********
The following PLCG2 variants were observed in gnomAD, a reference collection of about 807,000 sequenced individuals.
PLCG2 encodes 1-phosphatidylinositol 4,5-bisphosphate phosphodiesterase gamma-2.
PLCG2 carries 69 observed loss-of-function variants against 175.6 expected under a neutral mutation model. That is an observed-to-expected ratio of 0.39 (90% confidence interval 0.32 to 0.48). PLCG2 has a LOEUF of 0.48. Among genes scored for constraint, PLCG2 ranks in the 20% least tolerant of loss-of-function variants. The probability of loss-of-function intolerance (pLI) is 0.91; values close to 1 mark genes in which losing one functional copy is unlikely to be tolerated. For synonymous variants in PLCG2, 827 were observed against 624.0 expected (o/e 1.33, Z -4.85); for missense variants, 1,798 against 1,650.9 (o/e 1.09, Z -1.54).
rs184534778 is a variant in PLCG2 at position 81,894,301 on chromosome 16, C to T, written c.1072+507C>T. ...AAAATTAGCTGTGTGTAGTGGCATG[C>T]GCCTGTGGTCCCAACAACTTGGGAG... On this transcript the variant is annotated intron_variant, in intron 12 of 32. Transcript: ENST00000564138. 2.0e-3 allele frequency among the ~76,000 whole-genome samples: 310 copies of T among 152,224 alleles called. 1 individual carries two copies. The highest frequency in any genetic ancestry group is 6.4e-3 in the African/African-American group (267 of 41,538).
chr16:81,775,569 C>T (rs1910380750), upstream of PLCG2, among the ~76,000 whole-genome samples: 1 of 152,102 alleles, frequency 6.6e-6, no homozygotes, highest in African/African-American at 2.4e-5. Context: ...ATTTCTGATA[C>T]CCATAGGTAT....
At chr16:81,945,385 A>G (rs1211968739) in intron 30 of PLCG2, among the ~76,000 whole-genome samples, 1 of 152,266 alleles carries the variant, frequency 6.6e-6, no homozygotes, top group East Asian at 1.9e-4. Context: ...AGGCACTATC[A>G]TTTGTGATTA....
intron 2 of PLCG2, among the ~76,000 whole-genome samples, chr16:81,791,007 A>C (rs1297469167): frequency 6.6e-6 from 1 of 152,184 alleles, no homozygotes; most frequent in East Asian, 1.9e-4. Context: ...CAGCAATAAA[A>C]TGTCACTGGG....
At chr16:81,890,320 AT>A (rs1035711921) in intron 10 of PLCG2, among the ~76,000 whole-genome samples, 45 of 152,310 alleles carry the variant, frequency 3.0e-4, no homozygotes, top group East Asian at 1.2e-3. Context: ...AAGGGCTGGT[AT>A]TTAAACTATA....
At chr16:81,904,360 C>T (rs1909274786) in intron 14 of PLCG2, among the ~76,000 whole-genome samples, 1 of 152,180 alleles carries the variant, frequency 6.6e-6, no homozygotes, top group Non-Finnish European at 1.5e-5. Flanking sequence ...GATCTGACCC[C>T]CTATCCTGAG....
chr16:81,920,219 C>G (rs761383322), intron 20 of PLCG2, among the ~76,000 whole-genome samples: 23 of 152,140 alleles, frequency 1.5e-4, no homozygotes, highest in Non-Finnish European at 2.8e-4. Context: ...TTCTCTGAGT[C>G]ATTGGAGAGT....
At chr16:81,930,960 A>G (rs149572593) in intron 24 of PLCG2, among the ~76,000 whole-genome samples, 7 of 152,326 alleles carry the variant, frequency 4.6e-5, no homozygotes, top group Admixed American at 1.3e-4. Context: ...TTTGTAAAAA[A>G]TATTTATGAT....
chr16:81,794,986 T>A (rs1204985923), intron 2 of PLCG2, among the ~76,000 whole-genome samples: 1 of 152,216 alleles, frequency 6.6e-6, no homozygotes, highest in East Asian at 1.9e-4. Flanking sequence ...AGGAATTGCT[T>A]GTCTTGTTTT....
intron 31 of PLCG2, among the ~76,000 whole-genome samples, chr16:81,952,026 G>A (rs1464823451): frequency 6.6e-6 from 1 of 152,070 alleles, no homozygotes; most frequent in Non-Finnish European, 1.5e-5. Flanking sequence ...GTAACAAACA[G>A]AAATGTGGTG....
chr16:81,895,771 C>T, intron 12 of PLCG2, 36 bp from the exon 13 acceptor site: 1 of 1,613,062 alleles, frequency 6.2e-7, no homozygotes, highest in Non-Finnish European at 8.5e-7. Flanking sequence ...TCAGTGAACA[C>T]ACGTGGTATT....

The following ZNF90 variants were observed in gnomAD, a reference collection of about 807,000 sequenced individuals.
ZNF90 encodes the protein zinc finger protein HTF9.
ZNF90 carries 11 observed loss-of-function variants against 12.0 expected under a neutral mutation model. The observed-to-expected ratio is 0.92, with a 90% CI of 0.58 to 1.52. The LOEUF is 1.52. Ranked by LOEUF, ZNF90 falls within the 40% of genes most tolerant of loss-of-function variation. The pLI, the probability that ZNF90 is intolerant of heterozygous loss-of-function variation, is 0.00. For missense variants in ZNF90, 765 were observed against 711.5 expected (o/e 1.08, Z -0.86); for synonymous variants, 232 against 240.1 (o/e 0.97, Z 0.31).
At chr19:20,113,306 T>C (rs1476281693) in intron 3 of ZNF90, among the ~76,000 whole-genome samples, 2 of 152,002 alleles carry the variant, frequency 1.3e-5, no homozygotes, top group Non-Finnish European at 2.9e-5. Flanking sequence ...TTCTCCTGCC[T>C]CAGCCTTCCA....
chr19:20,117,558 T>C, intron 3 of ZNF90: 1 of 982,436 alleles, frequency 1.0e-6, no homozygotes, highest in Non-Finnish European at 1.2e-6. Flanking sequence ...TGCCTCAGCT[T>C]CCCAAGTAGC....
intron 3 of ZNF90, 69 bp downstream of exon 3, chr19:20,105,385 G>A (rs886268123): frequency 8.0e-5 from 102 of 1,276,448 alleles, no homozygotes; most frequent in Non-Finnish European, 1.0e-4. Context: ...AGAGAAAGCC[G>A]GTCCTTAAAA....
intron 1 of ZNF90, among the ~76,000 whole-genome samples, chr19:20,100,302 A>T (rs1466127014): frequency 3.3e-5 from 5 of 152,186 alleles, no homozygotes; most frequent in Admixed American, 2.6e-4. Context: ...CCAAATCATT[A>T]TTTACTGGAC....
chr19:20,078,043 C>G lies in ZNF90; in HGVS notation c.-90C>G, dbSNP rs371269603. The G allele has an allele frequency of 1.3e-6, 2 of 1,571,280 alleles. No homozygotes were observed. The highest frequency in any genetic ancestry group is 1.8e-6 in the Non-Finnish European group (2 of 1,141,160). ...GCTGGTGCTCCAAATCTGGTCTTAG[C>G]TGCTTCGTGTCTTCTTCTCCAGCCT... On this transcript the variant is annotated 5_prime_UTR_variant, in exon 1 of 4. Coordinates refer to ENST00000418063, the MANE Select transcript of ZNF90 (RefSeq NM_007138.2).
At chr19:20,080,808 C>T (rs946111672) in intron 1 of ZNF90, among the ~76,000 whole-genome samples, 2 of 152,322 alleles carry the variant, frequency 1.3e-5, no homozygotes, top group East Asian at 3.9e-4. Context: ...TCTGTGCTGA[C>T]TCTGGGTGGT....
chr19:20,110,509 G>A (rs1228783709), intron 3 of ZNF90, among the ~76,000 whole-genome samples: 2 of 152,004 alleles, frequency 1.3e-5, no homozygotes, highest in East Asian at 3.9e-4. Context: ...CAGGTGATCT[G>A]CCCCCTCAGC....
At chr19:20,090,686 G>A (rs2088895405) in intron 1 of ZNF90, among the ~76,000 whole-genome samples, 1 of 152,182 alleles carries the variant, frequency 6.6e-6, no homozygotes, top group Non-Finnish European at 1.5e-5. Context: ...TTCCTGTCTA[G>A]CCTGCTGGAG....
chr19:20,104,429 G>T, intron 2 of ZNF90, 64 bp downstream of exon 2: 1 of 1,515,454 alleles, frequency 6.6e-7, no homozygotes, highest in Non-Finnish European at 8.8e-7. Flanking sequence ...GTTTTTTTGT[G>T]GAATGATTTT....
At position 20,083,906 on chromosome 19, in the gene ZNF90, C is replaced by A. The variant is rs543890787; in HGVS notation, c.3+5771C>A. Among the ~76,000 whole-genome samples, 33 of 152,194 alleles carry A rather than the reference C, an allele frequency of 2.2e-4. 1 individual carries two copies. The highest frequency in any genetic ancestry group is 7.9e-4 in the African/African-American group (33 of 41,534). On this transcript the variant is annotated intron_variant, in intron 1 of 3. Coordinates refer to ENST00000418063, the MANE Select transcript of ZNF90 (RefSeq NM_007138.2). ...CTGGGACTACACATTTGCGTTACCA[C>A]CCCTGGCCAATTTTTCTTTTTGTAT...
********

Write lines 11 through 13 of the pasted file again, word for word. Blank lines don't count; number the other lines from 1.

At chr16:81,930,960 A>G (rs149572593) in intron 24 of PLCG2, among the ~76,000 whole-genome samples, 7 of 152,326 alleles carry the variant, frequency 4.6e-5, no homozygotes, top group Admixed American at 1.3e-4. Context: ...TTTGTAAAAA[A>G]TATTTATGAT....
chr16:81,794,986 T>A (rs1204985923), intron 2 of PLCG2, among the ~76,000 whole-genome samples: 1 of 152,216 alleles, frequency 6.6e-6, no homozygotes, highest in East Asian at 1.9e-4. Flanking sequence ...AGGAATTGCT[T>A]GTCTTGTTTT....
intron 31 of PLCG2, among the ~76,000 whole-genome samples, chr16:81,952,026 G>A (rs1464823451): frequency 6.6e-6 from 1 of 152,070 alleles, no homozygotes; most frequent in Non-Finnish European, 1.5e-5. Flanking sequence ...GTAACAAACA[G>A]AAATGTGGTG....